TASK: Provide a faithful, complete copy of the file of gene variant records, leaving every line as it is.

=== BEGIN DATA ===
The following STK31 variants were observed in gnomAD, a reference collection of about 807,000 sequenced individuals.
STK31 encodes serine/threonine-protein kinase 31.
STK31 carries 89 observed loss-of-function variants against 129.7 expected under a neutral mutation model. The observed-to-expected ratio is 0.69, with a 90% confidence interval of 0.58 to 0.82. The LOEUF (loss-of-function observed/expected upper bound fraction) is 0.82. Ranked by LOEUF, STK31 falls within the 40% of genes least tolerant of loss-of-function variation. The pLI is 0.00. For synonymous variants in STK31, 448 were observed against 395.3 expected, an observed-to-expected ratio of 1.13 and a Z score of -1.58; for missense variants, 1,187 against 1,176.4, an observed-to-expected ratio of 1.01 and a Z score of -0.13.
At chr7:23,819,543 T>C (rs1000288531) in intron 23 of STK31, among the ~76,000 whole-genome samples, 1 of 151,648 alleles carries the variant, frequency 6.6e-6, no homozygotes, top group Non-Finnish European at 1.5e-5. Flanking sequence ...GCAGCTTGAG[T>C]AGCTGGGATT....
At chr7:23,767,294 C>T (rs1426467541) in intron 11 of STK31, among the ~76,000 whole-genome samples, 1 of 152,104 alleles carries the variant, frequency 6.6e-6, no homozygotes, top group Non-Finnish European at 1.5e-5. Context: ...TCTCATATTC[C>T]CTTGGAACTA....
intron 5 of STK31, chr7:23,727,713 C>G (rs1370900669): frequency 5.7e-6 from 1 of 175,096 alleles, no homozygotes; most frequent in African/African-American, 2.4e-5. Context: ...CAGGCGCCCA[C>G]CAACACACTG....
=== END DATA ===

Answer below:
The following STK31 variants were observed in gnomAD, a reference collection of about 807,000 sequenced individuals.
STK31 encodes serine/threonine-protein kinase 31.
STK31 carries 89 observed loss-of-function variants against 129.7 expected under a neutral mutation model. The observed-to-expected ratio is 0.69, with a 90% confidence interval of 0.58 to 0.82. The LOEUF (loss-of-function observed/expected upper bound fraction) is 0.82. Ranked by LOEUF, STK31 falls within the 40% of genes least tolerant of loss-of-function variation. The pLI is 0.00. For synonymous variants in STK31, 448 were observed against 395.3 expected, an observed-to-expected ratio of 1.13 and a Z score of -1.58; for missense variants, 1,187 against 1,176.4, an observed-to-expected ratio of 1.01 and a Z score of -0.13.
At chr7:23,819,543 T>C (rs1000288531) in intron 23 of STK31, among the ~76,000 whole-genome samples, 1 of 151,648 alleles carries the variant, frequency 6.6e-6, no homozygotes, top group Non-Finnish European at 1.5e-5. Flanking sequence ...GCAGCTTGAG[T>C]AGCTGGGATT....
At chr7:23,767,294 C>T (rs1426467541) in intron 11 of STK31, among the ~76,000 whole-genome samples, 1 of 152,104 alleles carries the variant, frequency 6.6e-6, no homozygotes, top group Non-Finnish European at 1.5e-5. Context: ...TCTCATATTC[C>T]CTTGGAACTA....
intron 5 of STK31, chr7:23,727,713 C>G (rs1370900669): frequency 5.7e-6 from 1 of 175,096 alleles, no homozygotes; most frequent in African/African-American, 2.4e-5. Context: ...CAGGCGCCCA[C>G]CAACACACTG....